And what does all this eternal young love squabbling, good-looking sexed-up guy charging forth, nice girl holding back for dear life, post-drugstore soda for two listening to the latest tunes or old Bijou movie date, ending the night down at some forlorn beach and endless possibilities have to do with Benny Goodman. Benny Goodman, king of swing-ness, the be-bop night, and the possibilities of seeing said king in person. Well where have you been? How do you thing our boy Jean, champion football mover and persona non grata for life within ten miles of Auburn but a little bashful in the sex department when he came right down to it, tried to get one Betty La Croix in the mood. Take one guess. No, I will give you a hint-think clarinet, a heavenly deep beat-pacing, fingers snapping, clarinet that sets those drums a rolling, those trumpets blowing to Gabriel’s heaven, and sets those sexy saxes on fire to blow the walls of Jericho down. A little Body And Soul or Swing Time In The Mountains. Maybe Blue Skies. Get it.
But back to Betty and Jean, and Betty’s dilemma. Back right away because after Delores and Betty finish their conversation, or rather Delores finishes here monologue, here comes Jean down the aisle to Betty’s machine. He nods to Delores, the appropriate publicly polite brotherly greeting, although at home in the LeBlanc household over on Fourteenth Street in the “Little Quebec " section of town there is a daily war going on, and has been since, well, since Delores found out that she, with just a few hours work in the family’s sole bathroom, could set the guys stirring. Maybe since about fourteen. And did so, did spend those girlish work hours, to Jean’s intense displeasure when he needed to attend to his own toilet for some hot date, or the last couple of years, for Betty.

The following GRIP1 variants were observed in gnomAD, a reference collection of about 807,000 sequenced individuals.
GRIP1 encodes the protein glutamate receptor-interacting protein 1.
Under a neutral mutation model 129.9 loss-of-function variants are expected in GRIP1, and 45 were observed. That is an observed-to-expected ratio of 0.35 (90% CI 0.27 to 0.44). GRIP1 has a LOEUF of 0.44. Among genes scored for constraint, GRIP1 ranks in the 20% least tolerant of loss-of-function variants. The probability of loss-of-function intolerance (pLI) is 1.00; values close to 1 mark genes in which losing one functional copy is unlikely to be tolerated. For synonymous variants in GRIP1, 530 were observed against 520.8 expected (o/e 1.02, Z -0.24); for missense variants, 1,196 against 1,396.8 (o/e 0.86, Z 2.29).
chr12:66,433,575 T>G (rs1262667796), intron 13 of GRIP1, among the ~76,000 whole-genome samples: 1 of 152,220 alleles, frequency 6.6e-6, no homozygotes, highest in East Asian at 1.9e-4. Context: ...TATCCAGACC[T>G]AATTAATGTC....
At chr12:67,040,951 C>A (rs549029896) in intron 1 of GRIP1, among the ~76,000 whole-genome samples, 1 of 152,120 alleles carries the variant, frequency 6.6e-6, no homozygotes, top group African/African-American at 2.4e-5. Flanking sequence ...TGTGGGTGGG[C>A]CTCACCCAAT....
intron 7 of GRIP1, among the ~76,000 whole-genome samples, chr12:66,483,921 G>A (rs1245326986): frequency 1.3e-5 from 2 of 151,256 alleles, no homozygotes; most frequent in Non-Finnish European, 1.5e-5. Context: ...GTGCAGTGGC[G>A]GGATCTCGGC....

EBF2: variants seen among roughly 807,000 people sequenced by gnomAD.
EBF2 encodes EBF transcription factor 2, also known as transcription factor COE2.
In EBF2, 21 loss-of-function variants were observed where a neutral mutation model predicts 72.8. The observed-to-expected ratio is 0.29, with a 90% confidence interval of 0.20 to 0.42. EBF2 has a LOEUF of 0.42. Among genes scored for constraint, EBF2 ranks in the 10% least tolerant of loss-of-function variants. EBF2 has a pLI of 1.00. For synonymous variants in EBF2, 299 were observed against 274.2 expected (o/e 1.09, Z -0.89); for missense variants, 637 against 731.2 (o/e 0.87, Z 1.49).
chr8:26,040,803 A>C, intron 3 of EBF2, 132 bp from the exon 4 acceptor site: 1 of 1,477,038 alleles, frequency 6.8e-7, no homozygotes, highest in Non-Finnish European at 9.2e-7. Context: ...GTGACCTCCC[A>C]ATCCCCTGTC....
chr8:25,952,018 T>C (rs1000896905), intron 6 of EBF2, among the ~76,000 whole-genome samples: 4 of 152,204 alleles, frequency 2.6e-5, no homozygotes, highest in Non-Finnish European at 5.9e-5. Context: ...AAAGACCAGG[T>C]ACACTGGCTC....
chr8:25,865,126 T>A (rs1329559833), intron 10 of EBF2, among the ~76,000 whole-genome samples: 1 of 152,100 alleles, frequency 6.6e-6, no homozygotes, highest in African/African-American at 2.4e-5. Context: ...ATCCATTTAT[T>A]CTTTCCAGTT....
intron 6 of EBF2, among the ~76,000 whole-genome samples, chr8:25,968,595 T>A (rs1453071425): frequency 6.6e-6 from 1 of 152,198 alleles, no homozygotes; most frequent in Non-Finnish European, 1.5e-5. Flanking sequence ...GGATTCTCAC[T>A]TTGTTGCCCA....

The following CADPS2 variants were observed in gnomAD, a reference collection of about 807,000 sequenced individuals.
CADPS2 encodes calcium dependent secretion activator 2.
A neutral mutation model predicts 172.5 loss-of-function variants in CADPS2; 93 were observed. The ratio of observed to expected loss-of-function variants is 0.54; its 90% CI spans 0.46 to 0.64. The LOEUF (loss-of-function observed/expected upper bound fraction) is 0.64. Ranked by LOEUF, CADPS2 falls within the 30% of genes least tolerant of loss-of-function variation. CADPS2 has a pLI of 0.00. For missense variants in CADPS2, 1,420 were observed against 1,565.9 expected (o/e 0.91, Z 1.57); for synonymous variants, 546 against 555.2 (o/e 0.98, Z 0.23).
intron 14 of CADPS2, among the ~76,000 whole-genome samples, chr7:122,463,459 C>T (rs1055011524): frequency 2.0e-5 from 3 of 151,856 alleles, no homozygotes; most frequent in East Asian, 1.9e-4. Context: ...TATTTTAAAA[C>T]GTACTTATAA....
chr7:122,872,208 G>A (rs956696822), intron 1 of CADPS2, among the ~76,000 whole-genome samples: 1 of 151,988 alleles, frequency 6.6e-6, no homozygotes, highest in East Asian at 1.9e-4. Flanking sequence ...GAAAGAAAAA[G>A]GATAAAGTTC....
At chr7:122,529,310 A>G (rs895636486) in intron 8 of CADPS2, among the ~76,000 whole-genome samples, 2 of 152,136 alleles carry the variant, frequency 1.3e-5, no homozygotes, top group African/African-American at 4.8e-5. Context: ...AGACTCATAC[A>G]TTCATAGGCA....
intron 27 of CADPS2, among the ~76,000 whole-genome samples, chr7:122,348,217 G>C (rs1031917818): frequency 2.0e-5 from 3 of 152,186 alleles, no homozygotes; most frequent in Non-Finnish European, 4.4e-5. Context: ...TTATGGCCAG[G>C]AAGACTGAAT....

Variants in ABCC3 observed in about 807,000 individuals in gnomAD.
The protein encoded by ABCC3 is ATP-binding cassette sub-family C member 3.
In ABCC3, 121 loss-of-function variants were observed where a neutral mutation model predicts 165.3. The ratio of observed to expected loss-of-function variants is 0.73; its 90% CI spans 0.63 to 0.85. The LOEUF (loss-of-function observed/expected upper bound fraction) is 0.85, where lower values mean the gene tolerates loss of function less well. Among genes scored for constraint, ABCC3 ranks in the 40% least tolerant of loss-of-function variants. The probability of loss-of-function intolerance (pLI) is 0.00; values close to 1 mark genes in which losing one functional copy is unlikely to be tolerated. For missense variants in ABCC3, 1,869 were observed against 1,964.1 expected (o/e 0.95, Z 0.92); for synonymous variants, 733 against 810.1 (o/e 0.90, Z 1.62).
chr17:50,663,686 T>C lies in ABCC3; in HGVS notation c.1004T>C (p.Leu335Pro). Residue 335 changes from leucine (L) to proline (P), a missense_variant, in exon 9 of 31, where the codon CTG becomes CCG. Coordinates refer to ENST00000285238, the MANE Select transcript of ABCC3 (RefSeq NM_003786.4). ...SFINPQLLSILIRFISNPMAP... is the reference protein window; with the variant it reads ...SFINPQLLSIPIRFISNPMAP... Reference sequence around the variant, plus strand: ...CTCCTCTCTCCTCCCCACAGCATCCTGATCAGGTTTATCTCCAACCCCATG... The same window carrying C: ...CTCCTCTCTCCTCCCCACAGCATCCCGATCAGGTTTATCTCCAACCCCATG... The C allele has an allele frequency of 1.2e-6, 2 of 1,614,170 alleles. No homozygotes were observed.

Standing, a little sheepishly, but also with just that certain touch of fox that attracted Betty to him in the first place, Jean lays his great scheme on one Betty La Croix. He will spring for the tickets to both of Benny Goodman’s shows if she will just make up with him. She hesitates, thinking back to that last Saturday and how Benny and the gang, via Jean’s car radio, the ocean swells, and Buddha Swings, got her almost in the mood to “do the do.” Finally, Betty looked over at Delores and gave her that kind of “sorry I can’t go with you” look that Delores had learned to expect when Jean came anywhere with five feet of her. Delores, also thought, in her own publicly proper French-Canadian Catholic girl devilish thought, that Betty was not going to be able to withstand two nights of Benny swing, Jean ardor and Olde Saco ocean swell. But, damn, that’s her problem. Delores, never a social glum (at least since that fourteen and set guys stirring revelation) wondered to herself if that dreamy Jean Jacques La Croix (yes, Betty’s brother) was going? For him (with promise of be-bop Benny in the background) she might check those ocean swells out too.